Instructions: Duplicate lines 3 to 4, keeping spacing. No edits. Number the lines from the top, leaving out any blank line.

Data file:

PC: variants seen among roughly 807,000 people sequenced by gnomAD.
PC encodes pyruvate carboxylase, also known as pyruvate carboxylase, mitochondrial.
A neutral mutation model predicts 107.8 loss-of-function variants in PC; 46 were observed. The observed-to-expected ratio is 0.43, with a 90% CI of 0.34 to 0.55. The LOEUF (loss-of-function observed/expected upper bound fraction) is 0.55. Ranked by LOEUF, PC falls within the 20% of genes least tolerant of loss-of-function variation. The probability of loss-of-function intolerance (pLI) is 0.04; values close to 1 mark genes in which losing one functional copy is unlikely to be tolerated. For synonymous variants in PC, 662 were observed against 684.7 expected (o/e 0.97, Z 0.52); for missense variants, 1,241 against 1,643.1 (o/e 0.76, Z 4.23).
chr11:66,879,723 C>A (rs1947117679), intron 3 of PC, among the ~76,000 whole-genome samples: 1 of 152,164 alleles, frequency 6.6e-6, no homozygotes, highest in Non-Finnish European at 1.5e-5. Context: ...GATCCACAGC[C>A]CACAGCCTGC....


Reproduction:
A neutral mutation model predicts 107.8 loss-of-function variants in PC; 46 were observed. The observed-to-expected ratio is 0.43, with a 90% CI of 0.34 to 0.55. The LOEUF (loss-of-function observed/expected upper bound fraction) is 0.55. Ranked by LOEUF, PC falls within the 20% of genes least tolerant of loss-of-function variation. The probability of loss-of-function intolerance (pLI) is 0.04; values close to 1 mark genes in which losing one functional copy is unlikely to be tolerated. For synonymous variants in PC, 662 were observed against 684.7 expected (o/e 0.97, Z 0.52); for missense variants, 1,241 against 1,643.1 (o/e 0.76, Z 4.23).
chr11:66,879,723 C>A (rs1947117679), intron 3 of PC, among the ~76,000 whole-genome samples: 1 of 152,164 alleles, frequency 6.6e-6, no homozygotes, highest in Non-Finnish European at 1.5e-5. Context: ...GATCCACAGC[C>A]CACAGCCTGC....